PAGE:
But I join the noble Lord, Lord Palmer, in saying how distressing and worrying it is that there are so few noble Lords on the Government Benches this evening for such an important debate. I hope that the Government Benches will be fuller when we consider the countryside Bill in this Chamber. On the other hand, it may be a good thing if they are not and we can get our amendments through without too much hassle or worry.

As we all know, the Prime Minister has urged farmers to diversify, and many are endeavouring to do so. But the Prime Minister is saying nothing new. Many rural activities form an historic part of the rural way of life. They are a source of what one might term domestic tourism as well as international tourism. The debate this evening enables us to look at tourism in its widest context and face up to some facts that many people and public bodies seem reluctant to publicise.

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I should like to confine my remarks to the area I know best; that is, the West Country, where I live. It is one of the most beautiful, varied and most frequently visited parts of Britain. Our landscape, our villages, our houses and gardens, particularly those in Devon and Cornwall, are spectacular. Indeed, they are almost certainly the best in Europe at this particular time of year, the spring. And the tourism they generate is essential to the many rural communities that exist there.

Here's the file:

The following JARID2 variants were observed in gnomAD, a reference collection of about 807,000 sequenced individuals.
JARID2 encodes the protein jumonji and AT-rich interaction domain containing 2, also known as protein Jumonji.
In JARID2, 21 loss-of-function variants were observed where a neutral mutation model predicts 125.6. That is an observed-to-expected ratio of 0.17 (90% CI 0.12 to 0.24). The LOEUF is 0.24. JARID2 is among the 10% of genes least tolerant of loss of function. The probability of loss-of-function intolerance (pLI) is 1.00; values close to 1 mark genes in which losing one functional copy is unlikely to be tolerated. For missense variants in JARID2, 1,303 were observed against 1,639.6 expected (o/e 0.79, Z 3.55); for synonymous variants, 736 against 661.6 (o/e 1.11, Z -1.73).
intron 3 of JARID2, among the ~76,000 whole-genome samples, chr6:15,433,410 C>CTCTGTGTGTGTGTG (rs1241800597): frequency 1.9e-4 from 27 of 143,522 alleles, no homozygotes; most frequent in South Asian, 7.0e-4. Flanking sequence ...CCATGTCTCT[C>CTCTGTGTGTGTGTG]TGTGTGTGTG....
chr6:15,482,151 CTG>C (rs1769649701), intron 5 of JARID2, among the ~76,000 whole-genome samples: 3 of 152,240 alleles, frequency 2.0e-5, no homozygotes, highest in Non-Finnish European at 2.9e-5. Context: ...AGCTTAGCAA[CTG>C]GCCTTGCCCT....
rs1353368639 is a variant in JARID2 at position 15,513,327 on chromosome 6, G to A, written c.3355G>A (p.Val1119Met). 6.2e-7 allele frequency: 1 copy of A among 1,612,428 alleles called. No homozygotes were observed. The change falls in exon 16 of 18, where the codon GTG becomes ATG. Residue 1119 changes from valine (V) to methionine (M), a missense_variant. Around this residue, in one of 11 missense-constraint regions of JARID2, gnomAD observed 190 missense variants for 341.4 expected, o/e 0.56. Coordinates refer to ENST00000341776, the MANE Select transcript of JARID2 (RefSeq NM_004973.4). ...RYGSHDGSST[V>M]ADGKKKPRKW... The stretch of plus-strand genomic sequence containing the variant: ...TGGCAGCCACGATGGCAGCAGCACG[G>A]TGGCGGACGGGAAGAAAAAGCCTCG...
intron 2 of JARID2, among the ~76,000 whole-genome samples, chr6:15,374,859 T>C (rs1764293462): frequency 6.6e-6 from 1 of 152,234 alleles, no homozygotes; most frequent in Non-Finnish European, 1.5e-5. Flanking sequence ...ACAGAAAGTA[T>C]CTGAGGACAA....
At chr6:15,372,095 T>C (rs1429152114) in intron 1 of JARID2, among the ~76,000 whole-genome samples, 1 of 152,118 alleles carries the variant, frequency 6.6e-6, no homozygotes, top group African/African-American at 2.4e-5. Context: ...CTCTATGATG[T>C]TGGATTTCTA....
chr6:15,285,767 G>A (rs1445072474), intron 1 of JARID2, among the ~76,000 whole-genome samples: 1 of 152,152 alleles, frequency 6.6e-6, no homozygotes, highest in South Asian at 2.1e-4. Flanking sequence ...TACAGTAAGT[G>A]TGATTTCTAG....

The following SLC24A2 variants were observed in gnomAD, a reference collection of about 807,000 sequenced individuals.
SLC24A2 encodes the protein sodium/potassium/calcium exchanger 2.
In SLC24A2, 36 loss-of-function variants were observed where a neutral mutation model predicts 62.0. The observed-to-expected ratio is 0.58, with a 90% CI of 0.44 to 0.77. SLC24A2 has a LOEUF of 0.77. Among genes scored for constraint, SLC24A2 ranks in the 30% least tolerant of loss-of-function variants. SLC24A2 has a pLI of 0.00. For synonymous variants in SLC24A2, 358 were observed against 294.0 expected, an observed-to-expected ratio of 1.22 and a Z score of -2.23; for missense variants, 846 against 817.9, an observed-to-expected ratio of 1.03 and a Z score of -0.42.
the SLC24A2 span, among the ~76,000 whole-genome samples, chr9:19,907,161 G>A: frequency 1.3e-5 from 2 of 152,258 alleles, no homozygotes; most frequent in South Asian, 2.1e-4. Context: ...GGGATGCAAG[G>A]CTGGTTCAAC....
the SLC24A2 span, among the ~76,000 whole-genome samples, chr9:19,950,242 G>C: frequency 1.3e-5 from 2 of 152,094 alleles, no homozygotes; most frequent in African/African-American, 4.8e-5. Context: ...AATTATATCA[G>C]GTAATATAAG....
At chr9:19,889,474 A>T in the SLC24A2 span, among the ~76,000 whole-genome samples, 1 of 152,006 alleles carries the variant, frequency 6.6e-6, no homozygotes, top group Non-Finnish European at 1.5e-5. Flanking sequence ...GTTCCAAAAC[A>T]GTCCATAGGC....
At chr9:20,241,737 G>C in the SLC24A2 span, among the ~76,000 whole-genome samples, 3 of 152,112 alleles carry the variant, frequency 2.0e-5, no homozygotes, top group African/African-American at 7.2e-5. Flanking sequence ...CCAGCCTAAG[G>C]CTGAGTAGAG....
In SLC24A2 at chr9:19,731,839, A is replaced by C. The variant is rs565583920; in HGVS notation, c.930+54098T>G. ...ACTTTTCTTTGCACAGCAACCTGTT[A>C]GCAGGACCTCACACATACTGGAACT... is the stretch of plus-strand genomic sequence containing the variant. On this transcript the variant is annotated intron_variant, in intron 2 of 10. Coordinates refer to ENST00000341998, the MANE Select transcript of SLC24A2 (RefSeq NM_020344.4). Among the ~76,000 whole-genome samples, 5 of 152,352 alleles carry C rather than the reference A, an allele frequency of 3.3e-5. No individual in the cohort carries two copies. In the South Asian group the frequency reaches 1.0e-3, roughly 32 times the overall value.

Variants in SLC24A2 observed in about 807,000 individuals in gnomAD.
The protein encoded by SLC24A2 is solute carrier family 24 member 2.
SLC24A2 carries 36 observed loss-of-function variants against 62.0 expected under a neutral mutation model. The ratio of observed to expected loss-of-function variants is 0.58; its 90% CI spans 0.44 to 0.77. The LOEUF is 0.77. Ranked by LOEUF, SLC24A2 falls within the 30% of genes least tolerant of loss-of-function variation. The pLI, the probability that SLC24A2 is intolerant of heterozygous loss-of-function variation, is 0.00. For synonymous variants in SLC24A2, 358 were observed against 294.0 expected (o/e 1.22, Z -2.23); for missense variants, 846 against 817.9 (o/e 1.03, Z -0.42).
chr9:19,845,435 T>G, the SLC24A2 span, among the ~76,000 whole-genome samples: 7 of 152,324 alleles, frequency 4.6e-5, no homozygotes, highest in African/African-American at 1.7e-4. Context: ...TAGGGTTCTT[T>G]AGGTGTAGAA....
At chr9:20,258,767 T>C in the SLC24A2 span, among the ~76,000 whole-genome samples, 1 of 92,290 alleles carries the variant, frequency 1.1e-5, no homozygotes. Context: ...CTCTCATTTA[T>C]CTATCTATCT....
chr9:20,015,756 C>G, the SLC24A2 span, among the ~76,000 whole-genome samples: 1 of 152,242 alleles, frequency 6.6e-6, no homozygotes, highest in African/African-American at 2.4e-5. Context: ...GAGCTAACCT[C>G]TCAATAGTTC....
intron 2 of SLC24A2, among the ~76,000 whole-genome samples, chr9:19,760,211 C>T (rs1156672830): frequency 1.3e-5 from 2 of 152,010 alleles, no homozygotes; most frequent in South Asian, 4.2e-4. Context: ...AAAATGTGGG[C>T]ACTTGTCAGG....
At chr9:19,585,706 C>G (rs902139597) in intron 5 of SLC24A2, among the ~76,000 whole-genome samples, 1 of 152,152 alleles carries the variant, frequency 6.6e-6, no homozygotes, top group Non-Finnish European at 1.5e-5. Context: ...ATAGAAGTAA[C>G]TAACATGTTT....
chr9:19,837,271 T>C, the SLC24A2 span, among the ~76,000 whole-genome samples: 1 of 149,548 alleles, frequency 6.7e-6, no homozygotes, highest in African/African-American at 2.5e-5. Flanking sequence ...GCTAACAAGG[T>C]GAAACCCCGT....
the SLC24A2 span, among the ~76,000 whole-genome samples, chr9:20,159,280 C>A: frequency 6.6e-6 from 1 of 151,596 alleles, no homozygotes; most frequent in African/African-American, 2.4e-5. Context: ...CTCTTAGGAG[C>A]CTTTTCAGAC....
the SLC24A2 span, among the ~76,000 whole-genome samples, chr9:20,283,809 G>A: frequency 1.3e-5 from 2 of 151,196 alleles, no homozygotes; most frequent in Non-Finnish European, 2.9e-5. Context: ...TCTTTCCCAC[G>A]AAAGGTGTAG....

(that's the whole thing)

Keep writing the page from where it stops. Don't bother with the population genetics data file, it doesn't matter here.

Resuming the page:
In addition, we have high quality capital projects on the way; for example, the Eden Project. That is one of the flagship millennium projects and is attracting huge interest from around the world. Through the use of one-and-a-half kilometres of plastic domes 135 feet high, it will show how plants shape our everyday life. That is extraordinary. Indeed, the project is expected to attract 750,000 visitors each year.

The West Country is an area rich in heritage and tradition. Visitors are able to partake of an astonishing array of activities. But it is also an area of high economic sensitivity. Many of the more remote villages are what might be termed marginal in economic terms, and in maintaining that economic balance in favour of the local community tourism plays a vital part. As such, we must do all we can to encourage tourism while being sensitive to the countryside, its needs and its people.